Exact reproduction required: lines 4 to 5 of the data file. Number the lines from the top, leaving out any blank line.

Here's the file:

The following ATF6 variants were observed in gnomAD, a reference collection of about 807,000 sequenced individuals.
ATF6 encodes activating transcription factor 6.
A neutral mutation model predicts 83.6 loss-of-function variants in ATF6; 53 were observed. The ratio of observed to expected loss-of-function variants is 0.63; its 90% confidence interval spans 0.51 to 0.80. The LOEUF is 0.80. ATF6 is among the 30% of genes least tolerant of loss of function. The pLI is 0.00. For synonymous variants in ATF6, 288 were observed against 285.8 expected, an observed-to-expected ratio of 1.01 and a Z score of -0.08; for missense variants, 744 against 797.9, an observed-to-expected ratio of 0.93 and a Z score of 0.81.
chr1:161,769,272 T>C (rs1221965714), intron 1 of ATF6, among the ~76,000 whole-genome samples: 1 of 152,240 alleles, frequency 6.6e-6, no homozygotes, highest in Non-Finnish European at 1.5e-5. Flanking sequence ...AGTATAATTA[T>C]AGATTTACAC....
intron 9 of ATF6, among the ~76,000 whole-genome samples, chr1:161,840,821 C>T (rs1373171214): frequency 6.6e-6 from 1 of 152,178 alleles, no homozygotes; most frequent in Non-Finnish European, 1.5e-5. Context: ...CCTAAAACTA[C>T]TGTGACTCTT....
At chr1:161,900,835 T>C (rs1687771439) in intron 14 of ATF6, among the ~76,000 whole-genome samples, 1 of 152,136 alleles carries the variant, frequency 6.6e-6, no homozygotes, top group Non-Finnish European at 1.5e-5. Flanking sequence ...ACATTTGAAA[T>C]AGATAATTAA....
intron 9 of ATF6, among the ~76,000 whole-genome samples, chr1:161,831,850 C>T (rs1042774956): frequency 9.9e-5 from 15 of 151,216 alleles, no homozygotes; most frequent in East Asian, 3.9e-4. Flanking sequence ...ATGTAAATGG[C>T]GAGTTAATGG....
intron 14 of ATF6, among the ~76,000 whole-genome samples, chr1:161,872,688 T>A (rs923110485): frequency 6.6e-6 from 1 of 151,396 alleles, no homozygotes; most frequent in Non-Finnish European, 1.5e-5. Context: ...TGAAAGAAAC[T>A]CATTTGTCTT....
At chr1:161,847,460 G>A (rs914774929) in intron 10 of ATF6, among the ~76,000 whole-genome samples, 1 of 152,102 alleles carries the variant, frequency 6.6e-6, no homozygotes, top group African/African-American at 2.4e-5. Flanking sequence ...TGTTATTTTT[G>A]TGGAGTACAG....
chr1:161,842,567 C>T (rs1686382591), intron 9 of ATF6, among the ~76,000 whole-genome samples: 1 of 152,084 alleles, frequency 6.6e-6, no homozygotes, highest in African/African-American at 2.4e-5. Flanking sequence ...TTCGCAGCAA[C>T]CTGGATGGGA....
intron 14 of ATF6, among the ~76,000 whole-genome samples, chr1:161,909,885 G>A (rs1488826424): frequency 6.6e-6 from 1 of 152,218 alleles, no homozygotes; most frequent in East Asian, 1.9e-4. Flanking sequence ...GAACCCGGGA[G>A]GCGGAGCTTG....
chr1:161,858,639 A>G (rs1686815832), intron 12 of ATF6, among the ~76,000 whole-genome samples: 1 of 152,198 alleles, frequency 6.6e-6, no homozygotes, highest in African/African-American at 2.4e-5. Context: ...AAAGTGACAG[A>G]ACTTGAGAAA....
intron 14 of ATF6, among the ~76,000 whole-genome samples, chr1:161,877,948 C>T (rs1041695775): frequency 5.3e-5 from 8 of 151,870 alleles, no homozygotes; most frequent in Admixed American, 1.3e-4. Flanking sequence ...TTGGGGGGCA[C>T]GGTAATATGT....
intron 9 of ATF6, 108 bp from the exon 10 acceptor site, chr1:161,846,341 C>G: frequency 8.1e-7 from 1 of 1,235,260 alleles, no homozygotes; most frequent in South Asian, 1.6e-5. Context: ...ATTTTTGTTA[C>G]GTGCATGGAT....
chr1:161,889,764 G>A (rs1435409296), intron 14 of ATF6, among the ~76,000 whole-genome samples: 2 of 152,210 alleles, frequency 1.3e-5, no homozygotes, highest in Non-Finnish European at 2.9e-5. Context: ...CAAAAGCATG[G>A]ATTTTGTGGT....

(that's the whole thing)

chr1:161,769,272 T>C (rs1221965714), intron 1 of ATF6, among the ~76,000 whole-genome samples: 1 of 152,240 alleles, frequency 6.6e-6, no homozygotes, highest in Non-Finnish European at 1.5e-5. Flanking sequence ...AGTATAATTA[T>C]AGATTTACAC....
intron 9 of ATF6, among the ~76,000 whole-genome samples, chr1:161,840,821 C>T (rs1373171214): frequency 6.6e-6 from 1 of 152,178 alleles, no homozygotes; most frequent in Non-Finnish European, 1.5e-5. Context: ...CCTAAAACTA[C>T]TGTGACTCTT....